Many chemotherapy agents can cause your hair to fall out or thin. Exactly when this happens can vary depending on your treatment, but is generally around 2 weeks after the first chemotherapy treatment. Will it fall out overnight? Sometimes, but every person's experience is different given the different medications that can cause hair loss. While no one should tell you it will be easy to lose your hair, there are some steps you can take to make it easier.
There are a few types of wigs available and visiting a wig shop that works with people with cancer can be a great education on the topic. (The ACS can help you find a local wig boutique – 800-ACS-2345).
Wigs can be made of human hair or synthetic hair. A human hair wig tends to be heavier and can be quite costly, ranging from 1500-5000 dollars. A synthetic hair wig can range from 300-700 dollars.
The base of the wig is like a cap that is adjustable to conform to your head. The "wefts" of hair are tied to this cap and how it is tied affects the look and feel of the wig. Some methods of tying can result in a wig that irritates your scalp, others allow the hair to fall more naturally, or better hide the scalp. This is why it is so helpful to go to a boutique where someone can help find the best option for you.
It is recommended that you wash your wig every 21 days of wear. Use a special shampoo made especially for wigs or Woolite. To wash your wig:
Use a wig stand to dry and not a Styrofoam head. These have a tendency to lead to poor evaporation and cause stretching of the wig cap. If you do not have a stand, a tall can of hairspray can substitute.
Spray conditioner and detangling sprays are made to restore luster and shine to your synthetic wig. It is recommended to use products made especially for wig care, which contain ingredients friendlier to your wig. They help reduce normal wear and tear as the synthetic fibers break down over the normal life of a wig. To condition your wig:
Holding spray or curling glazes are specially formulated for wigs. They do not contain glue, which is found in regular hair products, so they will not leave a sticky residue on your wig. If you are going to use hair spray as a styling aid for your wig, it is recommended that you use one of these products.
Today's wigs have come a long way. We used to tell people to never use a curling iron, hair dryer or straightened on a wig, but things are not so straightforward anymore. When you purchase your wig, be sure to ask how these rules apply to your wig. You can style a human hair wig and some synthetic wigs are made of heat resistant materials able to tolerate styling tools.
It is a good idea to have a trusted hair stylist trim your wig to fit your face. A wig is "off-the-rack"; think of buying a nice dress or suit off the rack. Having a tailor take it in to fit you specifically makes it fit just right. A wig is no different; just a little trimming can make a big difference.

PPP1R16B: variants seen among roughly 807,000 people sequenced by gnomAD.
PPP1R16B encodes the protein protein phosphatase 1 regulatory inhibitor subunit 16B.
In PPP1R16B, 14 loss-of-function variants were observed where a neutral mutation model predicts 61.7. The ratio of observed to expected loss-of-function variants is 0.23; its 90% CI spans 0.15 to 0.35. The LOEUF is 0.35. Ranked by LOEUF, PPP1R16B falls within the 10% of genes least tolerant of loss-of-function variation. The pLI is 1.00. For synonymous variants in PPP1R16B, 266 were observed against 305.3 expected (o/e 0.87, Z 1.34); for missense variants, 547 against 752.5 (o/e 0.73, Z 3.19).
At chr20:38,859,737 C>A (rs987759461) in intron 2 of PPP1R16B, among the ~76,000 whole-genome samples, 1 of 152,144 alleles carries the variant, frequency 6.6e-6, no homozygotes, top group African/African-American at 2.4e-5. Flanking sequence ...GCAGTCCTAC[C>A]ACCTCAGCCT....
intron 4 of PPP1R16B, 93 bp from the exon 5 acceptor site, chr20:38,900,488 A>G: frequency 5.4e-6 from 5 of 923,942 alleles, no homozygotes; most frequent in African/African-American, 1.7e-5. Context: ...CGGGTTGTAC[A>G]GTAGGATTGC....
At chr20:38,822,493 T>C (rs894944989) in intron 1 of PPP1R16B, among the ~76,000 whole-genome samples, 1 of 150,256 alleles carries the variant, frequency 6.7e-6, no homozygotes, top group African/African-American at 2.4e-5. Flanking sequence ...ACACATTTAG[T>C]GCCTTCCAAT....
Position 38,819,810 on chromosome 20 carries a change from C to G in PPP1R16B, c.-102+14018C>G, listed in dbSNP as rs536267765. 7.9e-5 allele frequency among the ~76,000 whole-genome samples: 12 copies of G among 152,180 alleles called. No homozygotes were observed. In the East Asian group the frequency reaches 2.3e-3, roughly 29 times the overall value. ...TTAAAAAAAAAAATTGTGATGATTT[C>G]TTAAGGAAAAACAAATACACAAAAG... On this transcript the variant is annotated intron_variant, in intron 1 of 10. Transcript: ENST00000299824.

If you have not lost your hair completely, you may want to try adding hairpieces or "wiglets" to cover bald spots, be a fringe peeking out from under a scarf or bangs under a cap. A partial wig can be weaved into your remaining hair to add fullness.
Every insurance carrier is different, so you will want to check with your carrier to see if they pay for a wig. They may pay up front or require you to pay and be reimbursed. To pay, carriers require a prescription from your healthcare provider for a "cranial prosthesis", your diagnosis code and a sales receipt to be submitted. Some cancer boutiques offer reduced rates on wigs and, in some areas, the ACS has wig banks for those who cannot afford to buy a wig (call 800-ACS-2345 to find out more).
Losing your hair isn't all cosmetic. Your scalp may become sore or itchy. Your scalp needs protection from the sun and cold weather. Some tips for dealing with these concerns include:
Want to learn more about hair, skin and nail care during cancer treatment? Watch this panel discussion about this important topic!
Faith & Hope Boutique is a complete cancer care shop specializing in wigs and beautiful head coverings. With a wide assortment from fun to functional we are here to help you get through this challenging time with care and compassion. With two locations in the Philadelphia area that are fully staffed by survivors, we can offer advice and the true understanding of your needs during this time.
OncoLink is designed for educational purposes only and is not engaged in rendering medical advice or professional services. The information provided through OncoLink should not be used for diagnosing or treating a health problem or a disease. It is not a substitute for professional care. If you have or suspect you may have a health problem or have questions or concerns about the medication that you have been prescribed, you should consult your health care provider.
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